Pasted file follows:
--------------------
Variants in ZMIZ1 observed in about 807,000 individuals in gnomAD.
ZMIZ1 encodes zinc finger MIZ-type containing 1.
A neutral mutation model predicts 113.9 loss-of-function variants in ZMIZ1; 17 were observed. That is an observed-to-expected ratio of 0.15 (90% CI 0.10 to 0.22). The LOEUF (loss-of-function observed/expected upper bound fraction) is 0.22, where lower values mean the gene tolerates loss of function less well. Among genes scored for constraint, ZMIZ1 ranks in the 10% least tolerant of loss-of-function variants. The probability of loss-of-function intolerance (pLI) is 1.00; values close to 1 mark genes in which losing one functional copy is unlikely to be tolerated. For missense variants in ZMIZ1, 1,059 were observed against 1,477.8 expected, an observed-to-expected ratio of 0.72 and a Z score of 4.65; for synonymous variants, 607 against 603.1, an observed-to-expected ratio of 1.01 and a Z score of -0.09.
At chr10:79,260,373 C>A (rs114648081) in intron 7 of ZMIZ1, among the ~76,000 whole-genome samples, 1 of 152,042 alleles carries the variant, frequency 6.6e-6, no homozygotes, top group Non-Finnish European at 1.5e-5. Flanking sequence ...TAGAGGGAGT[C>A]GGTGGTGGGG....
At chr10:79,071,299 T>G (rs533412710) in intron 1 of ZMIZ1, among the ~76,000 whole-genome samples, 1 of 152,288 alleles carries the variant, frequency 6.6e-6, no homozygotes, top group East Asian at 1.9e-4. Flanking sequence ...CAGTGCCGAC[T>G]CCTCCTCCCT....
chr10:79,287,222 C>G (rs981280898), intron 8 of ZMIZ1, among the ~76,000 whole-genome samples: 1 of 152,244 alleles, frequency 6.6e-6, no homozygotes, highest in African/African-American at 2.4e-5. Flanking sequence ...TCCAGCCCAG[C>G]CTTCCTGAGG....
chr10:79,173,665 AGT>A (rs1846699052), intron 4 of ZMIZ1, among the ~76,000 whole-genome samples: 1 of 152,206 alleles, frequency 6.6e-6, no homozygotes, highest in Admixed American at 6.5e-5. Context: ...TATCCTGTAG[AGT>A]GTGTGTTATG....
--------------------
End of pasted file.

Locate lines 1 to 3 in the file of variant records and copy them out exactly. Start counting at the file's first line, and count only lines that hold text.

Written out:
Variants in ZMIZ1 observed in about 807,000 individuals in gnomAD.
ZMIZ1 encodes zinc finger MIZ-type containing 1.
A neutral mutation model predicts 113.9 loss-of-function variants in ZMIZ1; 17 were observed. That is an observed-to-expected ratio of 0.15 (90% CI 0.10 to 0.22). The LOEUF (loss-of-function observed/expected upper bound fraction) is 0.22, where lower values mean the gene tolerates loss of function less well. Among genes scored for constraint, ZMIZ1 ranks in the 10% least tolerant of loss-of-function variants. The probability of loss-of-function intolerance (pLI) is 1.00; values close to 1 mark genes in which losing one functional copy is unlikely to be tolerated. For missense variants in ZMIZ1, 1,059 were observed against 1,477.8 expected, an observed-to-expected ratio of 0.72 and a Z score of 4.65; for synonymous variants, 607 against 603.1, an observed-to-expected ratio of 1.01 and a Z score of -0.09.